For some small American towns, the Christmas season comes with an invitation to light things up and throw a party. Colorful lights and festive décor set the stage for holiday parades, concerts, sleigh rides and cider tastings.
For those of you ready to step outside of your holiday comfort zone, consider spending some time in one of the following seven towns that take celebrating Christmas to a whole new level.
Christmas is clearly the most wonderful time of the year in the Bavarian-inspired village of Leavenworth. Each year this Cascade Mountain community heralds the holiday season with its Christmas Lighting Festival.
More than a half-million Christmas lights brighten the scene that includes a Bavarian-style Christkindlmarkt offering the best holiday shopping this side of Munich, concerts, strolling carolers, sleigh and dogsled rides, tubing, skiing and snowboarding.
Another little mountain town that does Christmas in a big way, Durango celebrates the holiday all December long. There are activities planned for everyone from the holiday traditionalist to the wild and crazy adventure seeker. Durango’s favorite family holiday activity is a ride on the Polar Express — a narrow-gage train that leads travelers on a 26-mile journey along the Animas River through San Juan National Forest to (where else?) the North Pole.
For the more active types, there’s dog sledding, snowmobiling and skiing the slopes at nearby Purgatory Resort.
Named after a local Native American tribe, Natchitoches (pronounced Nack-a-tish) is the oldest permanent settlement in the Louisiana Purchase Territory — and home since 1927 to the oldest community-based Christmas holiday celebration in the country.
Named a 2018 Top 20 Festival of the Year by the Southeast Tourism Society, the Natchitoches Christmas Festival is a lengthy affair, running from Nov. 23, 2019 to Jan. 6, 2020. Festivities include musical entertainment, arts and crafts exhibits, carriage rides and historic home tours. More than 300,000 Christmas lights and 100+ illuminated set pieces brighten scenic Cane River Lake and the Historic Downtown Landmark District.
Santa Claus, Indiana
The name gives away the fact that this little southeastern Indiana town of 2,400 folks (including elves) is all about Christmas. It celebrates it all year round, so you can bet it has you covered for Christmas-themed entertainment come December.
The Santa Claus Christmas Celebration takes place during the first three weekends of that month, featuring a fabulous display of lights and a host of holiday-related activities at the Santa Claus Museum & Village and the Christmas Store. The latter is loaded with unique holiday finds.
McAdenville, North Carolina
This mill town 20 miles west of Charlotte bills itself “Christmas Town USA” and, much like Indiana’s town of Santa Claus, it goes all out to create holiday cheer. There are so many lighted Christmas trees on display in this 64-year-old celebration that they outnumber the town’s households. There are 250 of them in the town’s common area alone and they are draped with nearly a half million lights.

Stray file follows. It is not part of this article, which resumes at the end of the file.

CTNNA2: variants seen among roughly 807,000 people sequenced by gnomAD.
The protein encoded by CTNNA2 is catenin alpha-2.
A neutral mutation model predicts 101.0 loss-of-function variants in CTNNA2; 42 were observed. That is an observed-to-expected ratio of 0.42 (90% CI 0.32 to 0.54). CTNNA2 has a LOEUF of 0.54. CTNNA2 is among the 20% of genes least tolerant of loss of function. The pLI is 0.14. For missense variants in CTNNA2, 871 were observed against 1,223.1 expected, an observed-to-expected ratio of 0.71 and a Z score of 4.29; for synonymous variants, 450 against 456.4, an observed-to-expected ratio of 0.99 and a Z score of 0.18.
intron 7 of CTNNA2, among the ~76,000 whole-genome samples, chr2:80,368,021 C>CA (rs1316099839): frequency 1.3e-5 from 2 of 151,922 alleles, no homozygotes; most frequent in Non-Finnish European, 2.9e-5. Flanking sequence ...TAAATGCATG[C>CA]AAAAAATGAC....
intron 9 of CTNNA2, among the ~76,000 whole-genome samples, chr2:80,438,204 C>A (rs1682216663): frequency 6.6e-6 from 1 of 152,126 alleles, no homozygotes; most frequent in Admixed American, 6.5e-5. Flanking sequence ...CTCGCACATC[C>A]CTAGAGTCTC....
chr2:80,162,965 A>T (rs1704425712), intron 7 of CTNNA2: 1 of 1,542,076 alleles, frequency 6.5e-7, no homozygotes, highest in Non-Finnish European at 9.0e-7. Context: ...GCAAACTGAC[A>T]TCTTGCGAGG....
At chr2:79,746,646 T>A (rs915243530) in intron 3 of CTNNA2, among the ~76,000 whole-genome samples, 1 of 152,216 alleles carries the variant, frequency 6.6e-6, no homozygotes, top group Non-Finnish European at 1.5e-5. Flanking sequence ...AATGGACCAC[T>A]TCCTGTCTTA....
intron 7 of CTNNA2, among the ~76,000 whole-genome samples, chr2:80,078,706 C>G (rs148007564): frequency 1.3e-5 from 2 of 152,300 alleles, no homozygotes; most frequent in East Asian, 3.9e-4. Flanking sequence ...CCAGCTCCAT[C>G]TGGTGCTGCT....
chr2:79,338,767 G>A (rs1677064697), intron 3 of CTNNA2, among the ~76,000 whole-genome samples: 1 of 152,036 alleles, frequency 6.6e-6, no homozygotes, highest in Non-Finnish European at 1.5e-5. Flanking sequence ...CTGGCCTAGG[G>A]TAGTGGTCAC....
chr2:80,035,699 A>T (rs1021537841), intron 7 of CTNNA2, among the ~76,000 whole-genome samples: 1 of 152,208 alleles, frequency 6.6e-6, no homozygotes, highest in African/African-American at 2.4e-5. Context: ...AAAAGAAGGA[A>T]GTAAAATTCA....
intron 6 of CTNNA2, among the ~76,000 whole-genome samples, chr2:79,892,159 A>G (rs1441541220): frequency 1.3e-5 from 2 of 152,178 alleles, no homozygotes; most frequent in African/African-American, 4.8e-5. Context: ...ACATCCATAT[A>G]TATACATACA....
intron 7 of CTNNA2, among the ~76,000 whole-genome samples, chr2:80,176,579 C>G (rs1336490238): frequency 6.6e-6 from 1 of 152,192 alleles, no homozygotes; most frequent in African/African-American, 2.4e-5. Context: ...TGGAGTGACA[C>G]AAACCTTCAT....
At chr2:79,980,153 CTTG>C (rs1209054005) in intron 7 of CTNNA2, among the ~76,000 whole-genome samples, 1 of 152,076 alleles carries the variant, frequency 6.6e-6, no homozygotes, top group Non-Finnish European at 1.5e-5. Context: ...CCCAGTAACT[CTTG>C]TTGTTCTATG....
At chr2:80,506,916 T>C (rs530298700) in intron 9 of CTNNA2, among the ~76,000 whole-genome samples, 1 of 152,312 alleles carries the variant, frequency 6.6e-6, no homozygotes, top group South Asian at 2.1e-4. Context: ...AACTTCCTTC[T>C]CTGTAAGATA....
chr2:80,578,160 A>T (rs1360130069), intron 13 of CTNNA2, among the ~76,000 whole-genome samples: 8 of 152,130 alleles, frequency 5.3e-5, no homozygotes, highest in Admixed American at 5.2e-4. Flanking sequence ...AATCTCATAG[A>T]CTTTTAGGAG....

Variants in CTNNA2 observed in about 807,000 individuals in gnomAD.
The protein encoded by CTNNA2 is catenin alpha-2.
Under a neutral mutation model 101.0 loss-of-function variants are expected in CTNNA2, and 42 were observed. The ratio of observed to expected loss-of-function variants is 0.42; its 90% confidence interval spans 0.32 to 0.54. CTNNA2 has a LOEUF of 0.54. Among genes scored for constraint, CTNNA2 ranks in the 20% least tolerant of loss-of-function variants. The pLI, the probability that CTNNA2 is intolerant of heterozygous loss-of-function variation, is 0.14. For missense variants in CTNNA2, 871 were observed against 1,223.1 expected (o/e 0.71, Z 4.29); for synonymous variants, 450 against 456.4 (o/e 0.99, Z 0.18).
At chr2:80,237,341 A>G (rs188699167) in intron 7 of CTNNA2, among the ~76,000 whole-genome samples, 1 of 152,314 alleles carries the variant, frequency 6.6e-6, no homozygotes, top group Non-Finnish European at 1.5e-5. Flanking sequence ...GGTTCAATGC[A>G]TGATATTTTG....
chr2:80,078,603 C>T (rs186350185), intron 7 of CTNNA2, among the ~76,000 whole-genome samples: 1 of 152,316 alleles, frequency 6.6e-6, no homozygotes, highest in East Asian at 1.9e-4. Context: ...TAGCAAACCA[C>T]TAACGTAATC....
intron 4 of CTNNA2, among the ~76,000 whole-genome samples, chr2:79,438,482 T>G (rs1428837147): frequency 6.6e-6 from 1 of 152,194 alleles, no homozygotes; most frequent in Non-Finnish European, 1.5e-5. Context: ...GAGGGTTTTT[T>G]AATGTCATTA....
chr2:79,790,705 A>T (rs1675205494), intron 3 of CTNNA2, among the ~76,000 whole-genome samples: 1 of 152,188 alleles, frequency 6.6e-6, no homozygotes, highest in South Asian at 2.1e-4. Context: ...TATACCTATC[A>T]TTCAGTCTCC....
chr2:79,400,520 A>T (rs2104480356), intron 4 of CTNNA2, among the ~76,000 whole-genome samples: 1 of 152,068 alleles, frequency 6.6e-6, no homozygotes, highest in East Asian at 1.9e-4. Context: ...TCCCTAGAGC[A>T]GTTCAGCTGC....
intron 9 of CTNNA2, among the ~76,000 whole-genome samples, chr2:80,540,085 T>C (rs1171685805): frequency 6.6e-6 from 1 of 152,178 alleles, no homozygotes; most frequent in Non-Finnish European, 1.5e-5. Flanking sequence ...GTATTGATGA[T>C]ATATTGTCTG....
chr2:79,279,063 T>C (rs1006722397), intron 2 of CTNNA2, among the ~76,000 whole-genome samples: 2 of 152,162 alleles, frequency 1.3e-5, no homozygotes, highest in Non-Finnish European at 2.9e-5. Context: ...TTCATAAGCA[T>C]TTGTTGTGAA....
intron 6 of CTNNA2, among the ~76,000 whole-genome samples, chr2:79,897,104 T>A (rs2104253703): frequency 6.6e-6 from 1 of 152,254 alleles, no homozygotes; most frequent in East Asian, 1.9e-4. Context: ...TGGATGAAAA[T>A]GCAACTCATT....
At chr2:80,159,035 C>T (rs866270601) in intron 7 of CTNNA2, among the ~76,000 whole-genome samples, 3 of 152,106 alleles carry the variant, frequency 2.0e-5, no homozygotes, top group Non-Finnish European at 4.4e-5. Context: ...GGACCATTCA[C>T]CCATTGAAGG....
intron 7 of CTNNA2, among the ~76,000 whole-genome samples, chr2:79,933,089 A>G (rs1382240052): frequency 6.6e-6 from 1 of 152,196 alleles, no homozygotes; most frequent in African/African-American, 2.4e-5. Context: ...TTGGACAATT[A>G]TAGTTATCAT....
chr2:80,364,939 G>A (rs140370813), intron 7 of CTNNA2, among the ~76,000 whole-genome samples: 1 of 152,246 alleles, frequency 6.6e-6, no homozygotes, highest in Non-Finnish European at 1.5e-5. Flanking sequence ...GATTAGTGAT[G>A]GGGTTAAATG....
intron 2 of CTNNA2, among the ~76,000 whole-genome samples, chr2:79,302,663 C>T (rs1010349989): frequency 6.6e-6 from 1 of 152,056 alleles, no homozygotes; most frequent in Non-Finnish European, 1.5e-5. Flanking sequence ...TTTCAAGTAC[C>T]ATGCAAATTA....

Hundreds more trees ring the lake at Legacy Park where a two-mile tour route is expected to handle more than 200,000 cars this season for a slow-motion look-see at all the lighted trees — along with 160 homes decorated to the max by individual homeowners. Special events this year include the the annual Christmas Town Festival on the evening of Dec. 12, following the Yule Log Parade.
A stroll through Colonial Williamsburg during the holiday season is surely one of the most picturesque Christmas experiences to be found anywhere in America. The nation’s largest interactive history museum was recently named by Architectural Digest as the best town in America for Christmas celebrations.
Holiday activities got underway this year on Dec. 8 with the Grand Illumination — a night of fireworks, music and stage entertainment — marking the beginning of a month of holiday related celebrations.
The Christmas season brings out Colonial Williamsburg’s renowned holiday decorations and 18th-century seasonal programs. Beating drums, trilling fifes, theatrical programs and costumed interpreters take visitors back in time to celebrate Christmas as Virginians did centuries ago.
One of New England’s most popular Christmas celebrations takes place in the historic Vermont village of Woodstock. To best capture the holiday spirit, be sure to visit on Wassail Weekend, Dec. 13-15. During this festive weekend, the town comes alive with a Christmas parade featuring horse-drawn carriages loaded with revelers attired in 19th-century period costumes.
Swathed in garland and colorful lights, village boutiques tease shoppers with an array of fine fashions, curated home goods, antiques, locally made wares and sweet confections.
Another special holiday event awaits Wassail Weekend visitors who join the Billings Farm Experience, a Christmas program at an authentic farmhouse and dairy farm just outside the village center that replicates a 19th-century Vermont Christmas.